KEEP IT SHORT. The best writers get an idea, and then say it. Period. A few great ones can throw in adjectives and adverbs that make their writing sing, but the rest of us hang ourselves by adding too many modifiers. It truly is the thought that counts, not how uniquely you can say it.

MAKE IT COHESIVE. Get one good idea. Build a piece around IT. Too many ideas expressed in one place are confusing, confounding, and just plain muddy. Outlines are the greatest things since sliced bread! Figuring out what you want to say before you write makes writing flow. Or, as my small daughter said once, “I didn’t like that story. It didn’t have a skeleton.”

GET GRAMMAR. Man, oh man, if I had a dollar for every punctuation error, misplaced modifier, or misused apostrophe I see, I would have my own butler. Good writers are understandable. Grammar is what makes the written word understandable. James Joyce and a few others could ignore it, but I think that grammar is a writer’s best friend!

THINK OUTSIDE THE BOX. If it is a beautiful day out there, you can be sure that there are hundreds of would-be writers writing about the breeze, the rays hitting the daffodils, or the beauty of their children as they tumble in the park. On beautiful days, I see all the dog poop in the yard, my husband coming at me with a power washer, and an opportunity to acquire four new pairs of Capri pants. Don’t write about the obvious.

PRACTICE, PRACTICE, PRACTICE. All good writers write a lot. I pride myself on a grocery list well done. It doesn’t matter whether it is a note to the teacher, a letter to the editor, or an email to a friend. If you are going to write something, do it as well as you can. Then do it over. Writers write. It doesn’t matter, really, what you write, as long as you are practicing.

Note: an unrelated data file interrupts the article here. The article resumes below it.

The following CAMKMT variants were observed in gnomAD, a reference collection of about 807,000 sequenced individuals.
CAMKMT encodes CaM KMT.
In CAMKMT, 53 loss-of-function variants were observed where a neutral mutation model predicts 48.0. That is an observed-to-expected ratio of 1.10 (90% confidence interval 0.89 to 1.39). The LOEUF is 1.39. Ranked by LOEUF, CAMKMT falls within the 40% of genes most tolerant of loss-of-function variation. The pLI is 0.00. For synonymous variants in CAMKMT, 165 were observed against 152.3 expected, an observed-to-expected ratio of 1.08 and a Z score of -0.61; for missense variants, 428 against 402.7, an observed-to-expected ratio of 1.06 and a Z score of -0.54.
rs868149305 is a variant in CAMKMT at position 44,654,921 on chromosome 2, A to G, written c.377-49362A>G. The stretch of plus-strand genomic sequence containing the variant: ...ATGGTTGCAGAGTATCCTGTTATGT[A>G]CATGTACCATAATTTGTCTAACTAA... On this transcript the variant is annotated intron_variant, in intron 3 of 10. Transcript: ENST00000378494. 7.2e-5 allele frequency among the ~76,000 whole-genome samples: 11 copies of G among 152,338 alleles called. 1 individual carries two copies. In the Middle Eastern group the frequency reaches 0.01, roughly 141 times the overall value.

EXPERIENCE MAKES THE WRITER. The layers of one’s life are what make a person interesting. Are you an adventurer? You are fortunate; you will have a lot to draw on as a writer. Are you housebound? No excuse; it didn’t stop Emily Dickinson. Are you just a kid? Well that is a whole world you can explore. I do feel that I have found my voice just recently as an older woman, but for me, life got in the way of my writing. Don’t let that happen to you.

LEARN AS MUCH AS YOU CAN FROM OTHER PEOPLE. My husband is a man of a million questions. If you have a story, he will drag it out of you. Over the years, he has become friends with waitresses, plumbers, every neighbor in a five mile radius, and much to my chagrin, the people in the rows in front of and behind us at every movie we have attended. But what he uncovers are human truths. And those truths are worth writing about.

My fifteen minutes of fame may never come, or I might just get five minutes. But I am a writer. I love words. I make myself laugh. I just keep on typing. And my advice to all of you out there who want to be writers? Write something. Wait. Revise it. Wait. Revise it once again. Think about your life.

Then repeat the process.

Monday, April 5, 2010